How real are the reforms in Ukraine?

By bne IntelliNews June 7, 2010

bne -

Ukrainian president Viktor Yanukovych passed a 100 days in office on Friday June 4 and surprised observers by announced a sweeping package of reforms.

How real are they? The Kyiv bourse soared after Yanukovych walked off with control over both presidency and the Rada following February's presidential election thanks to the promise of political stability after five years of chaos.

But the promise quickly went sour following rows with IMF over how to proceed resulted in the stand by programme being put on hold yet again.

"Despite Ukraine having adopted a more realistic macro forecast than that in the first version of its 2010 budget law, the IMF still thinks planned budget revenues are unrealistic. We believe the fund's concerns are justified," says Anastasiya Golovach, an analyst with Renaissance Capital in Kyiv.

The IMFhas suggested a further increase in the taxation base, including the cancellation of VAT subsidies for agricultural and pharmaceuticals producers. But it will also need further proof that Ukraine can raise its announced volume of budget revenues this year. Kyiv is trying to avoid implementing a very tight fiscal policy this year, in order to boost economic growth, says Golovach.

The talks continue and the IMF has promised to send a delegation to Kyiv this week. The delay was probably a part of game playing to underscore to Yanukovych that the fund is serious about forcing the government to stick to its promises.

Yanukovych responded well by announcing a five-year reform programme for his five-year term that, if carried out as billed, should send the economy rocketing.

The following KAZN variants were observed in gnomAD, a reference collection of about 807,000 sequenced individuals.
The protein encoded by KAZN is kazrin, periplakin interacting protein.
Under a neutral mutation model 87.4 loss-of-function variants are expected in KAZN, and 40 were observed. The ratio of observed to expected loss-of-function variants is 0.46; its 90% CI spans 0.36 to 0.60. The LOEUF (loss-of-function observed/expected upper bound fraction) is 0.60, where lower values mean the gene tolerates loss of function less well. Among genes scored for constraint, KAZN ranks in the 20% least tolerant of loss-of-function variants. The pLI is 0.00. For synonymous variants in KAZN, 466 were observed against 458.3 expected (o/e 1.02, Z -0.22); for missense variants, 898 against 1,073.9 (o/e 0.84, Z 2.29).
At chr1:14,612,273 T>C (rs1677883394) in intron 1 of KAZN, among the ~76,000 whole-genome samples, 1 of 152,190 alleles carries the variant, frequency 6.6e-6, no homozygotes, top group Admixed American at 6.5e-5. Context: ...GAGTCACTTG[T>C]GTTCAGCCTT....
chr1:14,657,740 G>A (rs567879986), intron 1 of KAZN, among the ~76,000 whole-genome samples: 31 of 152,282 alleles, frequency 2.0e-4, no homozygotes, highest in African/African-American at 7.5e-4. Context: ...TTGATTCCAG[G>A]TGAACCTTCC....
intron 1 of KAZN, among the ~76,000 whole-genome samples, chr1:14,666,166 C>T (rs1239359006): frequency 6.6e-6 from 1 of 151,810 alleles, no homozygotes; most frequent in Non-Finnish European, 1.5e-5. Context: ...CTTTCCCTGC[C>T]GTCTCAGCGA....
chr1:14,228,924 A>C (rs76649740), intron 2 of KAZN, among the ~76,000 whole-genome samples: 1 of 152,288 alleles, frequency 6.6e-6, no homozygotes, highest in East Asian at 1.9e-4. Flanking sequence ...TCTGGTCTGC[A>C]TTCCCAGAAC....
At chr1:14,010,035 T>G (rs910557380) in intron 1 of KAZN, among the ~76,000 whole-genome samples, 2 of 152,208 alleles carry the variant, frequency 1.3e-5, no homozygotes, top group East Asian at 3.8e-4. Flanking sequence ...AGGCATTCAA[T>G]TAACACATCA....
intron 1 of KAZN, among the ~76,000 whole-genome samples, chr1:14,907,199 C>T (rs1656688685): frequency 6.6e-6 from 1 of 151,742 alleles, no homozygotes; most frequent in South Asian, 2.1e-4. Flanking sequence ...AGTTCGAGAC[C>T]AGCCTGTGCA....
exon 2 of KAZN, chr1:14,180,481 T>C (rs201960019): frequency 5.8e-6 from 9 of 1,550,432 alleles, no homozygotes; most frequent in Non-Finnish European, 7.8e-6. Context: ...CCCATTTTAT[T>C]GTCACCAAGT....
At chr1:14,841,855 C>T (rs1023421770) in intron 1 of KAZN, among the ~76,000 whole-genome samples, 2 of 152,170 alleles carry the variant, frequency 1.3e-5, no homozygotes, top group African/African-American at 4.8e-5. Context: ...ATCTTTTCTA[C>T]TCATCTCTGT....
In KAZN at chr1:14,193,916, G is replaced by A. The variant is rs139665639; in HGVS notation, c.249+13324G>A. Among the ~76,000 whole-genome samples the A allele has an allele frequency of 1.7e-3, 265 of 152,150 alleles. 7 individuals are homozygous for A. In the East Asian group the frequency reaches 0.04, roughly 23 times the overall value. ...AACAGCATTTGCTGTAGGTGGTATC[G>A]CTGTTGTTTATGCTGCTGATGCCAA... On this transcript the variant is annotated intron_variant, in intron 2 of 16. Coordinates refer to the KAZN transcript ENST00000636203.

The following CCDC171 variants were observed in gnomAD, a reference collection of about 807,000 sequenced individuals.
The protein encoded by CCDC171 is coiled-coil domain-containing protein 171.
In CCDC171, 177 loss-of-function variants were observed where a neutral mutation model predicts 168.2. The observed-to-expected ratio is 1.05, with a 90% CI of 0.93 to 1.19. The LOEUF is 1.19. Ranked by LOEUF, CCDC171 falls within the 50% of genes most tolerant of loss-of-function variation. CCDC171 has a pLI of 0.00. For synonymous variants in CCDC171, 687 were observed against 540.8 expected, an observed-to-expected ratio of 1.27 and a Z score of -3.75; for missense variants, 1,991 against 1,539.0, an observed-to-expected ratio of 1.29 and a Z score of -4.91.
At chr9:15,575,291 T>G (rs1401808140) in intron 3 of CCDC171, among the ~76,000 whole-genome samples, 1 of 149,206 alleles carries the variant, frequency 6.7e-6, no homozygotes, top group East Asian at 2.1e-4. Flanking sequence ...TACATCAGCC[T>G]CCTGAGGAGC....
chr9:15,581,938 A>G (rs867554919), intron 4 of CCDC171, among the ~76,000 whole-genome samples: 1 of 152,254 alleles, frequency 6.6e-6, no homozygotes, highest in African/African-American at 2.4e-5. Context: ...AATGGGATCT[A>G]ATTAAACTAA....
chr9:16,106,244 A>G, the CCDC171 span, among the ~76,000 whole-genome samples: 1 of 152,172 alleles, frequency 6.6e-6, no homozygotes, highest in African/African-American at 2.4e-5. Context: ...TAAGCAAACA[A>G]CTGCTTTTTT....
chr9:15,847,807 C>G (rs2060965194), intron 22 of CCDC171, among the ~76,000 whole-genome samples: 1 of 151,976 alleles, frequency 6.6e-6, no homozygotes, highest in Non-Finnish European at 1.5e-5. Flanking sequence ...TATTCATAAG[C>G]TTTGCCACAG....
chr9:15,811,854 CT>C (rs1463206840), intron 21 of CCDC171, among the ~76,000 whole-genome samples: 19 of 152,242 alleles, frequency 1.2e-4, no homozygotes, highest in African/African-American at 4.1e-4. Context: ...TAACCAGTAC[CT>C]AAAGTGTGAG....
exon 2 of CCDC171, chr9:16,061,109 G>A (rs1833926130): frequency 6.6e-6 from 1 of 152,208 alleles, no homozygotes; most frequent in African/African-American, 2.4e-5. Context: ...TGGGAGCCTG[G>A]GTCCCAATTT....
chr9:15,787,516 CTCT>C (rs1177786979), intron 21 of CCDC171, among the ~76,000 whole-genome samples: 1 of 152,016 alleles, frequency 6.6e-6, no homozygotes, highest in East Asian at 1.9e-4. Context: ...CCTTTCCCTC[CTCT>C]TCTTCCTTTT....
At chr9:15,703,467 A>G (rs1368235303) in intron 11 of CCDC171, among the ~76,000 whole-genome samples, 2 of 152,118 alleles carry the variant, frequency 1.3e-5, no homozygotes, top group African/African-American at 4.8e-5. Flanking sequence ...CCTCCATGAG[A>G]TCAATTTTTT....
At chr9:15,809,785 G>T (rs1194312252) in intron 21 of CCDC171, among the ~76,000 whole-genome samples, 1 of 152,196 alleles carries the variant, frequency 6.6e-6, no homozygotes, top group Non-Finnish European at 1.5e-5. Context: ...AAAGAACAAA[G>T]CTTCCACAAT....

"In a nutshell, it seems to the most comprehensive and all- encompassing action plan of all reform programs produced by Ukrainian leadership in recent history," Viktor Luhovyk of Dragon Capital said in a note on Friday. "We think conditions to achieve the ambitious targets set by the president have hardly ever been better with the current administration boasting a solid and growing majority in parliament and acting coherently on the executive level."

This is what everyone was hoping for: political stability is pointless unless you use it to push through all the reforms that have been ice for the last five years. The main points of the programme include:

• increase growth to 6-7%

• enact a new tax code

• sweeping deregulation and licensing reforms

• introduction of an accumulative pension scheme

• cut inflation

• complete the privatisation programme by 2015

• phase in a flexible exchange rate

• increase tariffs

• push harder to join the EU

Boosting growth should be easy. Currently half of Ukraine's GDP is in the shadow and simply encouraging companies to come into the light will add enormously to both growth and tax revenues.

Russia has successfully whitened its economy by using a combination of stick and carrot: simplifying the tax code and more recently cracking down on corruption; the shadow economy's share has fallen from about half of GDP to somewhere around a quarter to a fifth. Companies' motive for cleaning up their act is the fast growth itself: as the economy takes off there is more money to be made from investing and to do this companies need capital and have to borrow. The only way you can borrow is to have understandable and believable accounts, including paying your taxes.